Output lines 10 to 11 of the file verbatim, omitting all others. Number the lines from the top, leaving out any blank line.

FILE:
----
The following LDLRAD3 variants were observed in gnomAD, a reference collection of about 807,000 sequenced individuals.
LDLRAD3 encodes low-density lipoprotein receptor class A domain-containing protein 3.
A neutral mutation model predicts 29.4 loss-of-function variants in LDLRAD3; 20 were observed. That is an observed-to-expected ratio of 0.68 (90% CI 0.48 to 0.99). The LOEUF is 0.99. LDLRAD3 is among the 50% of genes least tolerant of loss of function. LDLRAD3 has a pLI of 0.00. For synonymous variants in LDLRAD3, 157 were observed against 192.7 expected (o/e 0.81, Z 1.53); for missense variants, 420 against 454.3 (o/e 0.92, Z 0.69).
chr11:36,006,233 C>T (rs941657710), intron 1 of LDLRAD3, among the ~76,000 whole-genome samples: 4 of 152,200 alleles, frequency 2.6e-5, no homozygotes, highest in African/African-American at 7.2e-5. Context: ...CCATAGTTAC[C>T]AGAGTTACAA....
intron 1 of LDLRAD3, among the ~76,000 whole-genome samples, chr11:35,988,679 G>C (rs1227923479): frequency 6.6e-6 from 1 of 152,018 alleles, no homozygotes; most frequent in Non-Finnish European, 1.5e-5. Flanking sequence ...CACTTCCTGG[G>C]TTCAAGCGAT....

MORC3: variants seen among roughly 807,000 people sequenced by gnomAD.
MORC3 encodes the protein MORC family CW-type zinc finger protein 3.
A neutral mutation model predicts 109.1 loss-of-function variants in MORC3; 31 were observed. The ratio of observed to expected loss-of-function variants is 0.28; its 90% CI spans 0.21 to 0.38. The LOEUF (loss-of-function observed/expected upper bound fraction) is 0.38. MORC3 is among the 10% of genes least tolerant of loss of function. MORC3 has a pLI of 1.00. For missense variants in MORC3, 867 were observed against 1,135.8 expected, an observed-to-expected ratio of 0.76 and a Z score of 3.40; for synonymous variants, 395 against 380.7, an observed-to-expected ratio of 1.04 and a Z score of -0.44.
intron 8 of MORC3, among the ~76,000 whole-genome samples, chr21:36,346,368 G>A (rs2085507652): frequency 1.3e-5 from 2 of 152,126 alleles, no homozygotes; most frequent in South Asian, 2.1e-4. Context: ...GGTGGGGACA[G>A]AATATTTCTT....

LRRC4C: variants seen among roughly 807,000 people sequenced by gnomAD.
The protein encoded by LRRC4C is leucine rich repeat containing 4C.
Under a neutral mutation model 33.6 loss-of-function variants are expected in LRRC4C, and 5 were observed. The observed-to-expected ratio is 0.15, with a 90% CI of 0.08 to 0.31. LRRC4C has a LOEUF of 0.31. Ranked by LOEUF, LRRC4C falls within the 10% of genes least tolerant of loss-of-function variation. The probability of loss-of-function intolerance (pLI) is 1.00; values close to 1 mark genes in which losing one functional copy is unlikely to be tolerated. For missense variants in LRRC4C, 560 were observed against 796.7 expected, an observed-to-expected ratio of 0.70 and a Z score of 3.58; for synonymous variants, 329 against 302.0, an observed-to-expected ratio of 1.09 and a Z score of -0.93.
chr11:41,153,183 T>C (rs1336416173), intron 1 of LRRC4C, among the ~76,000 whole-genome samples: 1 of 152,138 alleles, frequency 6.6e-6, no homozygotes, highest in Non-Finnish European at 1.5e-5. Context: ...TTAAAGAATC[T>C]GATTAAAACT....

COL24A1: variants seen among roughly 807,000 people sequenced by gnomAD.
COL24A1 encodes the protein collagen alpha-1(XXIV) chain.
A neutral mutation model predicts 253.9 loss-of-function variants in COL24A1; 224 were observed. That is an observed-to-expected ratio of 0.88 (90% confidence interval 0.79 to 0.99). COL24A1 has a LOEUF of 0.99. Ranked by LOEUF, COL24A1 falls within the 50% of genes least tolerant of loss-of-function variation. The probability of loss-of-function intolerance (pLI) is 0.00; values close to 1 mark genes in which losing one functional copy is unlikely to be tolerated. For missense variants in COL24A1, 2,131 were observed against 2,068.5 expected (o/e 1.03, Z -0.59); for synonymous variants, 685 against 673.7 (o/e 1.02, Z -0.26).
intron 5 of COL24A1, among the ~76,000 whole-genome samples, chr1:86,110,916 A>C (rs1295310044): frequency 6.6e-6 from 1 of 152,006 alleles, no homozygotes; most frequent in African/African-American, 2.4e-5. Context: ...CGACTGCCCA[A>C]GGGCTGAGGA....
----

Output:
LRRC4C: variants seen among roughly 807,000 people sequenced by gnomAD.
The protein encoded by LRRC4C is leucine rich repeat containing 4C.